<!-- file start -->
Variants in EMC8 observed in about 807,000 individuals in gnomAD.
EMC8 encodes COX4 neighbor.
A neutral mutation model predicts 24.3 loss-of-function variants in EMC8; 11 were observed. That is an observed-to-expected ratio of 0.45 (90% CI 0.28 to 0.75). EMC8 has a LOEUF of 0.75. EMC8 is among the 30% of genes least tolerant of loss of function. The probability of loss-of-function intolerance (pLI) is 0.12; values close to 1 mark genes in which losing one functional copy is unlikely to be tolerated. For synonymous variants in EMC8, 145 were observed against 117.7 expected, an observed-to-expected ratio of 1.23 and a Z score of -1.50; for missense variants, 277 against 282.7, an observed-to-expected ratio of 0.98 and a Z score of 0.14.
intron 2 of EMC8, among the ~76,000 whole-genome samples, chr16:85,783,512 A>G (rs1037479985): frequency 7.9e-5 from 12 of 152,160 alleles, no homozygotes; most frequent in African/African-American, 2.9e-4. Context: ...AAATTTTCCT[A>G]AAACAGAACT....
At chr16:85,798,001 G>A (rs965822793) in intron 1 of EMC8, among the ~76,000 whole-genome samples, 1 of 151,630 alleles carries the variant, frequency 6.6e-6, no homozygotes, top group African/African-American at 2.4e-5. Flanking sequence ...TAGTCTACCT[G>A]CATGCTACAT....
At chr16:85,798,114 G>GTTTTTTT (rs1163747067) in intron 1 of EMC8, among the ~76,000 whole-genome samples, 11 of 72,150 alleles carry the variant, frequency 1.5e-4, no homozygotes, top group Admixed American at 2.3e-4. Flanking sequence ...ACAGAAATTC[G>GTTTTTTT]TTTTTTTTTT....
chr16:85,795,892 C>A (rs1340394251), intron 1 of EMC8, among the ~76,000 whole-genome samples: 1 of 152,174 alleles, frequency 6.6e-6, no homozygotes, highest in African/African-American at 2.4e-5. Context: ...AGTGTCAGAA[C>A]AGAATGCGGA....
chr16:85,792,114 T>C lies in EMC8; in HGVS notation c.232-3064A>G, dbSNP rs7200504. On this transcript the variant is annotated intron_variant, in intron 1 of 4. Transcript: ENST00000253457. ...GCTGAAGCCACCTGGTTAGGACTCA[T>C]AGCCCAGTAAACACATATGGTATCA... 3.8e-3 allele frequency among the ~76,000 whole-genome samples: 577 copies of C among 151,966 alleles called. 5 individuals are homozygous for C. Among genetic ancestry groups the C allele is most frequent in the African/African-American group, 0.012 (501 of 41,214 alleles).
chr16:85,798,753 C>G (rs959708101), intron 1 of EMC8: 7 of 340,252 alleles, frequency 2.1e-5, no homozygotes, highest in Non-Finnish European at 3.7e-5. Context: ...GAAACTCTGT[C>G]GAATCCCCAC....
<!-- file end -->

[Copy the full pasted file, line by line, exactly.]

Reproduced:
Variants in EMC8 observed in about 807,000 individuals in gnomAD.
EMC8 encodes COX4 neighbor.
A neutral mutation model predicts 24.3 loss-of-function variants in EMC8; 11 were observed. That is an observed-to-expected ratio of 0.45 (90% CI 0.28 to 0.75). EMC8 has a LOEUF of 0.75. EMC8 is among the 30% of genes least tolerant of loss of function. The probability of loss-of-function intolerance (pLI) is 0.12; values close to 1 mark genes in which losing one functional copy is unlikely to be tolerated. For synonymous variants in EMC8, 145 were observed against 117.7 expected, an observed-to-expected ratio of 1.23 and a Z score of -1.50; for missense variants, 277 against 282.7, an observed-to-expected ratio of 0.98 and a Z score of 0.14.
intron 2 of EMC8, among the ~76,000 whole-genome samples, chr16:85,783,512 A>G (rs1037479985): frequency 7.9e-5 from 12 of 152,160 alleles, no homozygotes; most frequent in African/African-American, 2.9e-4. Context: ...AAATTTTCCT[A>G]AAACAGAACT....
At chr16:85,798,001 G>A (rs965822793) in intron 1 of EMC8, among the ~76,000 whole-genome samples, 1 of 151,630 alleles carries the variant, frequency 6.6e-6, no homozygotes, top group African/African-American at 2.4e-5. Flanking sequence ...TAGTCTACCT[G>A]CATGCTACAT....
At chr16:85,798,114 G>GTTTTTTT (rs1163747067) in intron 1 of EMC8, among the ~76,000 whole-genome samples, 11 of 72,150 alleles carry the variant, frequency 1.5e-4, no homozygotes, top group Admixed American at 2.3e-4. Flanking sequence ...ACAGAAATTC[G>GTTTTTTT]TTTTTTTTTT....
chr16:85,795,892 C>A (rs1340394251), intron 1 of EMC8, among the ~76,000 whole-genome samples: 1 of 152,174 alleles, frequency 6.6e-6, no homozygotes, highest in African/African-American at 2.4e-5. Context: ...AGTGTCAGAA[C>A]AGAATGCGGA....
chr16:85,792,114 T>C lies in EMC8; in HGVS notation c.232-3064A>G, dbSNP rs7200504. On this transcript the variant is annotated intron_variant, in intron 1 of 4. Transcript: ENST00000253457. ...GCTGAAGCCACCTGGTTAGGACTCA[T>C]AGCCCAGTAAACACATATGGTATCA... 3.8e-3 allele frequency among the ~76,000 whole-genome samples: 577 copies of C among 151,966 alleles called. 5 individuals are homozygous for C. Among genetic ancestry groups the C allele is most frequent in the African/African-American group, 0.012 (501 of 41,214 alleles).
chr16:85,798,753 C>G (rs959708101), intron 1 of EMC8: 7 of 340,252 alleles, frequency 2.1e-5, no homozygotes, highest in Non-Finnish European at 3.7e-5. Context: ...GAAACTCTGT[C>G]GAATCCCCAC....